In places across the world, making use of car-pooling apps has become prevalent. Similar to how Google has become a household name, Uber and Lyft have earned their space in the lives of most people.
The advantage of perpetually accessible cabs and cabbies joined with user-friendly applications, along with a variety of transportation and pricing alternatives offers a large combination of technology and transit. But, as these services need passengers’ information, like their real-time location and payment methods, they may potentially put the passengers’ data and security in danger if the data gets abused.
Ride Share Apps: Boon or Bane?
Conventional automobile services such as cabs have declined in popularity mostly since ridesharing services extend significant benefits: instant approval of trip requests, affordable charges, and generally a current and more diverse “fleet” of automobiles because they hire individual drivers who work with their own automobiles.
Despite their widespread popularity, carpooling services come with their own set of problems, as they operate without regulation. But, it is still within the company’s scope to determine how to handle background checks for candidates or what kind of insurance is required. Fortunately, there is a human “safety check” method that a majority of cab pooling services employ. Every passenger can rate their driver, and the driver can evaluate the customers in a similar way. When a driver drops under a particular rating, they are not able to work for the service.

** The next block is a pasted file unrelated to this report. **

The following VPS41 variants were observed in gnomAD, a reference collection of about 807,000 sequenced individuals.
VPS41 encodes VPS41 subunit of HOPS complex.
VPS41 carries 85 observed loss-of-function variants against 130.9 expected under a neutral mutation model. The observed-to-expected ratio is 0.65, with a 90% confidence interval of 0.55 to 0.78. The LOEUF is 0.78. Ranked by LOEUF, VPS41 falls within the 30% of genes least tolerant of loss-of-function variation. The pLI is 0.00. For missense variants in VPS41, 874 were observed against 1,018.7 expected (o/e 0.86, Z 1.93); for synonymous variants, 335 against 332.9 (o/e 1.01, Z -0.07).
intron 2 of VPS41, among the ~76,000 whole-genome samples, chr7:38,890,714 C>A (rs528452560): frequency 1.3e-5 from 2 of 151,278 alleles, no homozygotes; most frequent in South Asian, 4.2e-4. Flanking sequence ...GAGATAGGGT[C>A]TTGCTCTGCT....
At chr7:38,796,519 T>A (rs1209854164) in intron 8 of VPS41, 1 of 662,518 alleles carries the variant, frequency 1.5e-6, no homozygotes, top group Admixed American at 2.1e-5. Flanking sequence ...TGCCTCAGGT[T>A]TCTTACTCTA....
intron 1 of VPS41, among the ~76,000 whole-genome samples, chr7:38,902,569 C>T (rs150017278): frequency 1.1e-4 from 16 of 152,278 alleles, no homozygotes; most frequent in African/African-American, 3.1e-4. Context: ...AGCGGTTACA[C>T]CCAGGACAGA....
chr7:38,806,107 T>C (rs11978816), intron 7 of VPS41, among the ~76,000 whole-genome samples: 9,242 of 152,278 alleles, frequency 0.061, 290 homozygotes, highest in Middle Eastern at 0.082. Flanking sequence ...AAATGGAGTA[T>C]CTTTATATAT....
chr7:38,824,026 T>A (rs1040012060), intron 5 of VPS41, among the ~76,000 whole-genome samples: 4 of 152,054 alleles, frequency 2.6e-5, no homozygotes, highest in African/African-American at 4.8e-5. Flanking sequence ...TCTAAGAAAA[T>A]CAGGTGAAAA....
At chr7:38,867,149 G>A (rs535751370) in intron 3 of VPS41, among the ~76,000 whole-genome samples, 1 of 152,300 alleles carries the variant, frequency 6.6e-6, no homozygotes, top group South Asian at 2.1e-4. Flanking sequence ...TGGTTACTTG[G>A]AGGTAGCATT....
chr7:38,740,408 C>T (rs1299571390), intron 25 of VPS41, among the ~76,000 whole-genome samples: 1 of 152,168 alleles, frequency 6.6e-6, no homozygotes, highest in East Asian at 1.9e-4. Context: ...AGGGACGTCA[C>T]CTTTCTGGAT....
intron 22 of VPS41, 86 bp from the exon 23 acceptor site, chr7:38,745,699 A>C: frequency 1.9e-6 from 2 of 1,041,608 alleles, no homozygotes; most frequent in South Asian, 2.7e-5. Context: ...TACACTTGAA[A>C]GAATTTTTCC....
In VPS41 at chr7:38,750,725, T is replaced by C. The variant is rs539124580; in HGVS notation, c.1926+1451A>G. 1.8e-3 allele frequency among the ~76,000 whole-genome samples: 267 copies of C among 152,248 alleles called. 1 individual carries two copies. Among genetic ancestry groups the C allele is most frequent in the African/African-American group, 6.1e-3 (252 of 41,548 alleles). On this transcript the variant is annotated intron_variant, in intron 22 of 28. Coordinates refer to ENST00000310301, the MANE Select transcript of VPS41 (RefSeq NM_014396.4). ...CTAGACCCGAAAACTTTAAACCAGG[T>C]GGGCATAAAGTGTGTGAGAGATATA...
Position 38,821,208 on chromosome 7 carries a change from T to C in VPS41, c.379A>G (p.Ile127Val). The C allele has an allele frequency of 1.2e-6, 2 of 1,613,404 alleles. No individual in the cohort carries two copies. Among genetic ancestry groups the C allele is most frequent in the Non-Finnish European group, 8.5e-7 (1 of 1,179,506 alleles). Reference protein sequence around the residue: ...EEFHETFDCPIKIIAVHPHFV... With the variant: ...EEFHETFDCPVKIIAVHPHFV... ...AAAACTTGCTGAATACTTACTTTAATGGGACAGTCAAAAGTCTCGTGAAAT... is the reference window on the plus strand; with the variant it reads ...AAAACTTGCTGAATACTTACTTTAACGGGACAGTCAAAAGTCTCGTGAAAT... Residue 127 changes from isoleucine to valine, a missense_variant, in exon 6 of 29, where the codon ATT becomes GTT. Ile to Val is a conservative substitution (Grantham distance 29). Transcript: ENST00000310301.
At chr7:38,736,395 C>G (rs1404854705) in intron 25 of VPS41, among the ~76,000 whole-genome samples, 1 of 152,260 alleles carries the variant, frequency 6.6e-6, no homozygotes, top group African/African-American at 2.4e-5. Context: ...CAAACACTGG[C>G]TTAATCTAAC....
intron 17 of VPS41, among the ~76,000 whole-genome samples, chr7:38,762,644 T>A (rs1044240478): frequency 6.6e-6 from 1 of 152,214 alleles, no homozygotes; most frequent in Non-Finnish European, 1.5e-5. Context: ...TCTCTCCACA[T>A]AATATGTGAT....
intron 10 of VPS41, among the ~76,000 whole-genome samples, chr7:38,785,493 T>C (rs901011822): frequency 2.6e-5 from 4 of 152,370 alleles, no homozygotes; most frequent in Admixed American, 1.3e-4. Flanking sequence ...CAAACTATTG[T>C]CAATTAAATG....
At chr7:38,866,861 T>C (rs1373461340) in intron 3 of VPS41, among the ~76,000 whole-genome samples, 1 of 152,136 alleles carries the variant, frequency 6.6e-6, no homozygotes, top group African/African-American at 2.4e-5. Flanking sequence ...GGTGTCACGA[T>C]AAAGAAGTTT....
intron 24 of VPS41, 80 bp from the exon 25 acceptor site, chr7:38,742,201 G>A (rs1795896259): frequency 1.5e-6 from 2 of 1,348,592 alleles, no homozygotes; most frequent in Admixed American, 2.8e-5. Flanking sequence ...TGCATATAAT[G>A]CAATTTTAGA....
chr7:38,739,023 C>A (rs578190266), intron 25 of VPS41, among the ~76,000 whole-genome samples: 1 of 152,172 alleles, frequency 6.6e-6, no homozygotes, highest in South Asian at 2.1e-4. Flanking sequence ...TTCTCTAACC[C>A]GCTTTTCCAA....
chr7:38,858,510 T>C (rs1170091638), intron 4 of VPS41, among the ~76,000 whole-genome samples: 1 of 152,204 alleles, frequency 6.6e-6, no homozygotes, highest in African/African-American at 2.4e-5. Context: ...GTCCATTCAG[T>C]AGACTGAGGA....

What kind of information do ridesharing systems collect?
To book a ride from peer-to-peer ridesharing companies such as Ola, Uber, and Lyft, users need a smartphone with GPS so that the location of drivers and potential passengers can be tracked. But, if the passenger does not disable GPS tracking even when their ride has ended, the applications are capable of monitoring and collecting information 24/7 on the passenger’s real-time location.
Apart from tracking and storing location, some ridesharing companies need the potential passengers to link to their social networking account, such as Facebook, in order to verify their identities. In such cases, people allow these services to access their personal data present in their social media accounts.
Since ridesharing companies allow users to go cashless, people need to save their bank card credentials in their ridesharing apps.
What are the security and privacy threats?
Once upon a time, a ridesharing firm threw a party in a different town where they presented in real-time the complete names and destinations of their customers. Fortunately, nothing except a bit of intense fury from the media arose from the privacy indiscretion. However, it raised the problem of how the ridesharing businesses save, manage and also protect the privacy of their customers.
Before downloading a ridesharing application and registering for its services, you must go through the app reviews. Check the reviews that are poorly rated, and see if other users have raised any privacy concerns.